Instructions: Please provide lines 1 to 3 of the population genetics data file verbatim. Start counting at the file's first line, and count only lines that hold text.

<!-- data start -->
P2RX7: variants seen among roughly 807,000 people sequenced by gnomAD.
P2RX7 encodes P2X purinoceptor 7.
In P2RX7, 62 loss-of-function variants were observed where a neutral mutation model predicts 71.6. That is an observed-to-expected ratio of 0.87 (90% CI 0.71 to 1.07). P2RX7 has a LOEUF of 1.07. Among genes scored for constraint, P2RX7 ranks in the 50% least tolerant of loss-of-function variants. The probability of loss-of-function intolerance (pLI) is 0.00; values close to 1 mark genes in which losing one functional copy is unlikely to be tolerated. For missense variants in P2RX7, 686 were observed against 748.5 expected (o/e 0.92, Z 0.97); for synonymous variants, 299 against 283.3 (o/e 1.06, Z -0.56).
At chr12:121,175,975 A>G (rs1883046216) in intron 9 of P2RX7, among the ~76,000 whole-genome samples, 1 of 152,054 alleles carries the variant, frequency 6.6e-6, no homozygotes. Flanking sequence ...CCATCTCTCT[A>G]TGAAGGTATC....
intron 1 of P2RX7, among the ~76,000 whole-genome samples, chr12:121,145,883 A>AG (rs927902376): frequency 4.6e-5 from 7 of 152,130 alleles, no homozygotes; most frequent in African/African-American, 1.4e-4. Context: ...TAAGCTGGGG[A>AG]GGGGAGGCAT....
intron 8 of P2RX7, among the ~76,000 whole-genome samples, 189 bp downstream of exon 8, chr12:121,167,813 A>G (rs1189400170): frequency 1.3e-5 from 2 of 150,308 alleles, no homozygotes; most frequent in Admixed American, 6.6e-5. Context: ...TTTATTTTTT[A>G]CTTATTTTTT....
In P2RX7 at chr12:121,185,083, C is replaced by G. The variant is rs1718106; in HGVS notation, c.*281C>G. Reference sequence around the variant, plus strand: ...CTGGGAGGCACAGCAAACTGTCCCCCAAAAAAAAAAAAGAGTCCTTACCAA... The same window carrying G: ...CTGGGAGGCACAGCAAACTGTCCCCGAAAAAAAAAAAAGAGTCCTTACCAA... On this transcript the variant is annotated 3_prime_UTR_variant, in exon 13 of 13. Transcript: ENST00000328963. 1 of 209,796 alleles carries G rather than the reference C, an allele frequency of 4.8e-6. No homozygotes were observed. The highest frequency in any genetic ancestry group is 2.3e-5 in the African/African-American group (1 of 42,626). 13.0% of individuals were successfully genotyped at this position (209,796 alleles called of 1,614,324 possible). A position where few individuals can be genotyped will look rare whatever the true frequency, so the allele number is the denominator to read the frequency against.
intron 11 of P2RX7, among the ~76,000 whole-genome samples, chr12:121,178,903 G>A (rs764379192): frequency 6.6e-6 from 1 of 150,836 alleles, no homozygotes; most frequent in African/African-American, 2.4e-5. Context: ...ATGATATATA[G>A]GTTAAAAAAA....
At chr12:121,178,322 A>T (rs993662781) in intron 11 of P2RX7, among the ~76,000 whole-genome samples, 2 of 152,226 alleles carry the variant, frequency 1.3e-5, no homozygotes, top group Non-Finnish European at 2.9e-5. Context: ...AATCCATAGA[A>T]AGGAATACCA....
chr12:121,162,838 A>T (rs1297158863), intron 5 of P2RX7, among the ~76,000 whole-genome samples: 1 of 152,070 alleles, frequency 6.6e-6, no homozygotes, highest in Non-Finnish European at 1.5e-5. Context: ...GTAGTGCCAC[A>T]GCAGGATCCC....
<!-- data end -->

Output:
P2RX7: variants seen among roughly 807,000 people sequenced by gnomAD.
P2RX7 encodes P2X purinoceptor 7.
In P2RX7, 62 loss-of-function variants were observed where a neutral mutation model predicts 71.6. That is an observed-to-expected ratio of 0.87 (90% CI 0.71 to 1.07). P2RX7 has a LOEUF of 1.07. Among genes scored for constraint, P2RX7 ranks in the 50% least tolerant of loss-of-function variants. The probability of loss-of-function intolerance (pLI) is 0.00; values close to 1 mark genes in which losing one functional copy is unlikely to be tolerated. For missense variants in P2RX7, 686 were observed against 748.5 expected (o/e 0.92, Z 0.97); for synonymous variants, 299 against 283.3 (o/e 1.06, Z -0.56).